1. The Defendants ask the Court to decide whether it is a collateral use for a party in their position to review documents and witness statements for relevance (step (a)), to list that material in order to give disclosure to the Claimants (step (b)), and to provide that material to the Claimants for inspection (step (c)).
  2. All parties also need to know whether it is a collateral use for them to inspect (review) the documents and witness statements provided on inspection with a view to a party deciding whether it actually wishes to rely on or otherwise actively make use of particular documents or witness statements in advancing its case or meeting the case against it in these current proceedings (step (d)). If any of steps (a) to (d) is a collateral use then permission is sought for that use.


“Use” and “purpose”
    1. In my view it is possible to answer the matter simply, by applying the words of the relevant rules. It is also important to take this approach. Parties need to be able to rely on the words of the rules themselves to tell them what is expected, especially where (as here) the consequences of breach can be very serious, and may be treated as a contempt of court.
    2. The rules refer to “use” and to “purpose”. Use for any purpose other than the proceedings in which the documents were disclosed (or the witness statement served) is the subject of the rules. This admits no room for the argument that use for a purpose is not “use” because the purpose is, for example, benign or inspired by practicality or not what should be prevented. All of those situations may of course lead the court (or party or owner or witness) readily to grant permission for or agree or consent to the use, but that is a separate matter.
    3. The rules treat “purpose” separately from “use” and not as part of the definition of “use” itself. This does allow a wide meaning for the word “use”, and one that accords with that observed by Lord Justice Christopher Clarke (with whom Barling J and Arden LJ agreed) in IG Index v Cloete (above) at [40]:
“What the rule precludes is the use of the document(s) disclosed. “Use” is a wide word. It extends to (a) use of the document itself eg by reading it, copying it, showing it to somebody else (such as the judge); and (b) use of the information contained in it. I would also regard “use” as extending to referring to the documents and any of the characteristics of the document, which include its provenance.”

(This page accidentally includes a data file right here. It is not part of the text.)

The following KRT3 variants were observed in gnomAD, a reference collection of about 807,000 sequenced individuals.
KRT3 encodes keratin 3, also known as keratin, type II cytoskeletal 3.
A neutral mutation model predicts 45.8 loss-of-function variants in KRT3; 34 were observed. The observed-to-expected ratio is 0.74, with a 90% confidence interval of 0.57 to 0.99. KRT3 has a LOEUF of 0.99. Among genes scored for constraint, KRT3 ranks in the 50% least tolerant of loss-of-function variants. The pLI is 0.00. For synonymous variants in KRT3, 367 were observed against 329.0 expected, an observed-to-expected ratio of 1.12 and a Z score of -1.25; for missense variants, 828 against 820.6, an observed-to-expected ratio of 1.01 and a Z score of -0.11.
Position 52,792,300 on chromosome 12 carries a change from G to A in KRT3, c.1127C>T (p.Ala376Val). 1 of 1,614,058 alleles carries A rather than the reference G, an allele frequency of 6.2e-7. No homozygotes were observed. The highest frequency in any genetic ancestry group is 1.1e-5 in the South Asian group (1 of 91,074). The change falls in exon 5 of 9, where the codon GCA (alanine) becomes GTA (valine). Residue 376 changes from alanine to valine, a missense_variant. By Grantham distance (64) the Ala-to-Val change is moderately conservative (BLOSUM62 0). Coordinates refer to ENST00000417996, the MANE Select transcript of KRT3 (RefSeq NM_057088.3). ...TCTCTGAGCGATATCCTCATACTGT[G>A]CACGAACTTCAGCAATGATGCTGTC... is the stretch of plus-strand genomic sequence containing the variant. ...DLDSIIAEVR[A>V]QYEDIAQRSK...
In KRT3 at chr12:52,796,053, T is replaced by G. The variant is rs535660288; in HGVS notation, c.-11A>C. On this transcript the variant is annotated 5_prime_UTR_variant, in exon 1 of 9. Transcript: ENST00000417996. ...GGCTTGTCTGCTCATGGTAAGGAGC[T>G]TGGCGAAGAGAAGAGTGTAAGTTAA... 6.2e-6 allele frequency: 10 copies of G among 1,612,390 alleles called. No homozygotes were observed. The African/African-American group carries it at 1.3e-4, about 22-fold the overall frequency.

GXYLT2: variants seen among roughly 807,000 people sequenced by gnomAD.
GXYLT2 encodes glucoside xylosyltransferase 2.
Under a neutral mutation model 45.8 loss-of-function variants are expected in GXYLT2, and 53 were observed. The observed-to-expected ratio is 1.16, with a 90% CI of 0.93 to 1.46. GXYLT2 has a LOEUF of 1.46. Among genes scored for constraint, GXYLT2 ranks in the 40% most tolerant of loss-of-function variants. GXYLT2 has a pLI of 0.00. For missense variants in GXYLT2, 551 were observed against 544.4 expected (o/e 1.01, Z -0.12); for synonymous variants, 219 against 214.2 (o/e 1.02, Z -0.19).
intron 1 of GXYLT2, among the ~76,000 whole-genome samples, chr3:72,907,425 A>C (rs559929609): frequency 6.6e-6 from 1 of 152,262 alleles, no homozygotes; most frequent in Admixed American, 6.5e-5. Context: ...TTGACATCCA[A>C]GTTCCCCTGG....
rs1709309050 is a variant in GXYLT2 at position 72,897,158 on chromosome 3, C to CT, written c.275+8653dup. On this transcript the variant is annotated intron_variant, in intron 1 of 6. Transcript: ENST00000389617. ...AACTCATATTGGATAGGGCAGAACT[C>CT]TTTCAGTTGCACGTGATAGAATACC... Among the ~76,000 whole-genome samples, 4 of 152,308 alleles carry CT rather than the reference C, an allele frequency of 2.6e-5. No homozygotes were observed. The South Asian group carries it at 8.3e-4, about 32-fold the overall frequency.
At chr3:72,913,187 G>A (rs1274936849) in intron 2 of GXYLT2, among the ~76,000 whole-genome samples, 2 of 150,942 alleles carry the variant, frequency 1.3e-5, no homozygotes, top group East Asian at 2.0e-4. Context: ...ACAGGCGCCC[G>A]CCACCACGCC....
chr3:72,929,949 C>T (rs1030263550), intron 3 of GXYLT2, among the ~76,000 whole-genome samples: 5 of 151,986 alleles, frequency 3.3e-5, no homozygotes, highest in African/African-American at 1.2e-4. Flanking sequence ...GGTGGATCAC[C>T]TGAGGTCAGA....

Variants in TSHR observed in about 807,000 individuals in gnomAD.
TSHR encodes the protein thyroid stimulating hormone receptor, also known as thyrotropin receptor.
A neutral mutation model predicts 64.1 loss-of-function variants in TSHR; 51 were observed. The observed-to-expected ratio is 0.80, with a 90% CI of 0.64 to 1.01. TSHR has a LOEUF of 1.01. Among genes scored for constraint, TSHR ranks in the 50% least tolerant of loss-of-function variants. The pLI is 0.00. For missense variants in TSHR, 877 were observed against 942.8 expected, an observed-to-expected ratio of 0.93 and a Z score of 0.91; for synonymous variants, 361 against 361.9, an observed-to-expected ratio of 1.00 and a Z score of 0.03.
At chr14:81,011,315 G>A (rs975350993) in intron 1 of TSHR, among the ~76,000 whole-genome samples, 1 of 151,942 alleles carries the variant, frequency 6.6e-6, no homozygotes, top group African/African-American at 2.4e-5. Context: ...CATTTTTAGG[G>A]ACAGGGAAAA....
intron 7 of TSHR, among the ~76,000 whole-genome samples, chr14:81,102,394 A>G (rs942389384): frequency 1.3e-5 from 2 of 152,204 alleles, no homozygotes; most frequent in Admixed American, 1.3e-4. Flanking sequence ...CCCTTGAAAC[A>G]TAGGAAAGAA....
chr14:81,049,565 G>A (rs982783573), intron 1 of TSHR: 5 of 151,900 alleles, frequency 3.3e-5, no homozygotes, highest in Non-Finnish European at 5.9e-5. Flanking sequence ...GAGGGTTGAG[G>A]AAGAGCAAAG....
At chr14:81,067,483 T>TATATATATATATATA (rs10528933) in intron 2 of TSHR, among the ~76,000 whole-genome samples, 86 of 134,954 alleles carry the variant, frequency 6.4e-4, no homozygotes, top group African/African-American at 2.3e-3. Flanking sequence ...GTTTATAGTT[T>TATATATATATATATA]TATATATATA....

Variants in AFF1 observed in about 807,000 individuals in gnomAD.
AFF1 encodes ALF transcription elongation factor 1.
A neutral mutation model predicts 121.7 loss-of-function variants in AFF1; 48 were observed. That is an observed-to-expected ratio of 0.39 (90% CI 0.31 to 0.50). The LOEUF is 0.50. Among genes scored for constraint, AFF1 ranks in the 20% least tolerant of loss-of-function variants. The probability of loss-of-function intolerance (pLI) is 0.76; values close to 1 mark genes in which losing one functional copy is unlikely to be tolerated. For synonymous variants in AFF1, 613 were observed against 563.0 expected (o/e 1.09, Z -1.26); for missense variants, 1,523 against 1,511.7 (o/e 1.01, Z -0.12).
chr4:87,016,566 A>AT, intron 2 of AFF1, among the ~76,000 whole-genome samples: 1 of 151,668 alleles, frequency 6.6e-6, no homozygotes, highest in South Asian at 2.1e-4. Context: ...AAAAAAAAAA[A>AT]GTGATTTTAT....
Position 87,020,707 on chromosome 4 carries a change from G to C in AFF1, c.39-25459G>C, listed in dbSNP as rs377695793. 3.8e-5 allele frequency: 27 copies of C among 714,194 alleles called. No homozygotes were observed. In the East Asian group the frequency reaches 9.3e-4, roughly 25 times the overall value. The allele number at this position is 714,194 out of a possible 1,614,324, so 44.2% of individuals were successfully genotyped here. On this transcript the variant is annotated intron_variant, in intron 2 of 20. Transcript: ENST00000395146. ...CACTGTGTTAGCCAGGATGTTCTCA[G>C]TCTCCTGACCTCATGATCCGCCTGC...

It is possible, as Mr Beltrami QC points out, to find a dictionary definition of the word “use” that speaks of “deploying”. However that is but one form of use, and the rule does not suggest that one form rather than another or others is its focus.
    1. It is useful to examine step (a) (review) alone. Mr Beltrami QC argues that one of the reasons why that should not be treated as “use” is because “the mere review of documents by a party and its legal representative represents a negligible interference with the privacy of the creators or owners of the documents/statements”. In the present case that is true, but that is because of the purpose of the review sought. The interference represented by the review in another case might be far greater. What, for example, of a review designed materially to inform the commercial conduct of the reviewer in a market in which reviewer and owner both participated? If review is not “use” then a review for that purpose would be outside the collateral use protections, and I do not think that can have been the intention.
    2. Mr Beltrami QC and Mr Goldring QC emphasise that the Defendants are under an obligation to give disclosure in the present proceedings, and that steps (a) to (d) are not therefore voluntary. I see the presence of obligation as a relevant consideration when permission is considered, but not as something that itself provides an answer to the question whether the rule engages. It does not affect the nature or quality of the “use”; it goes to its circumstances and purpose.
    3. In Esso Australia Resources Ltd v Plowman (1995) 183 CLR 10 at 33, in the High Court of Australia, Mason CJ added the following observation when discussing the implied undertaking:
“No doubt the implied obligation must yield to inconsistent statutory provisions and to the requirements of curial process in other litigation, eg discovery and inspection, but that circumstance is not a reason for denying the existence of the implied obligation.”
I do not understand Mason CJ to be saying that the curial process in other litigation automatically overrides the (formerly implied, but now express) obligation that was engaged when disclosure was given in earlier litigation. The curial process is designed to allow for the release of the obligation to be controlled by the Court. The Court can decide where and when the implied undertaking should yield. A different approach may apply if statutory provisions override the implied undertaking: see Australian Securities Commission v Ampolex Ltd [1995] 38 NSWLR 504 at 529-530 per Sheller JA). And Mason CJ’s point even there was, as he says, that “that circumstance is not a reason for denying the existence of the implied obligation”.